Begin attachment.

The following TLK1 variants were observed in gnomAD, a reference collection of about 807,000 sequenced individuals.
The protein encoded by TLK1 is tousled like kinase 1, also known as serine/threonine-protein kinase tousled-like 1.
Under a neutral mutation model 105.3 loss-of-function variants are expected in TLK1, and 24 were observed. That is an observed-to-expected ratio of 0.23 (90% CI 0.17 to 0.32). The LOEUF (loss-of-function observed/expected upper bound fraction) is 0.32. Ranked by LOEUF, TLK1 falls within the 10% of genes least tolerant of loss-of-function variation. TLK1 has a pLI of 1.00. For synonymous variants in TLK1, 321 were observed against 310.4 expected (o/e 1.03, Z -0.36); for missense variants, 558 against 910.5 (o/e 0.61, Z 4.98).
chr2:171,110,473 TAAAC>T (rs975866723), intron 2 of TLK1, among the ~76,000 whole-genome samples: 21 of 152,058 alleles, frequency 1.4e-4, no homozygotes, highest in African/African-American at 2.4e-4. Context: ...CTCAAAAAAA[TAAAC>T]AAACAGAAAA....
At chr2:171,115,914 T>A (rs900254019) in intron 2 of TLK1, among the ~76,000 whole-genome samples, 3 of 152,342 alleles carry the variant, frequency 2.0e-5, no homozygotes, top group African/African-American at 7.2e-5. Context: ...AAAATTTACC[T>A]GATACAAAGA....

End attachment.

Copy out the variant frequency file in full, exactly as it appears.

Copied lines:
The following TLK1 variants were observed in gnomAD, a reference collection of about 807,000 sequenced individuals.
The protein encoded by TLK1 is tousled like kinase 1, also known as serine/threonine-protein kinase tousled-like 1.
Under a neutral mutation model 105.3 loss-of-function variants are expected in TLK1, and 24 were observed. That is an observed-to-expected ratio of 0.23 (90% CI 0.17 to 0.32). The LOEUF (loss-of-function observed/expected upper bound fraction) is 0.32. Ranked by LOEUF, TLK1 falls within the 10% of genes least tolerant of loss-of-function variation. TLK1 has a pLI of 1.00. For synonymous variants in TLK1, 321 were observed against 310.4 expected (o/e 1.03, Z -0.36); for missense variants, 558 against 910.5 (o/e 0.61, Z 4.98).
chr2:171,110,473 TAAAC>T (rs975866723), intron 2 of TLK1, among the ~76,000 whole-genome samples: 21 of 152,058 alleles, frequency 1.4e-4, no homozygotes, highest in African/African-American at 2.4e-4. Context: ...CTCAAAAAAA[TAAAC>T]AAACAGAAAA....
At chr2:171,115,914 T>A (rs900254019) in intron 2 of TLK1, among the ~76,000 whole-genome samples, 3 of 152,342 alleles carry the variant, frequency 2.0e-5, no homozygotes, top group African/African-American at 7.2e-5. Context: ...AAAATTTACC[T>A]GATACAAAGA....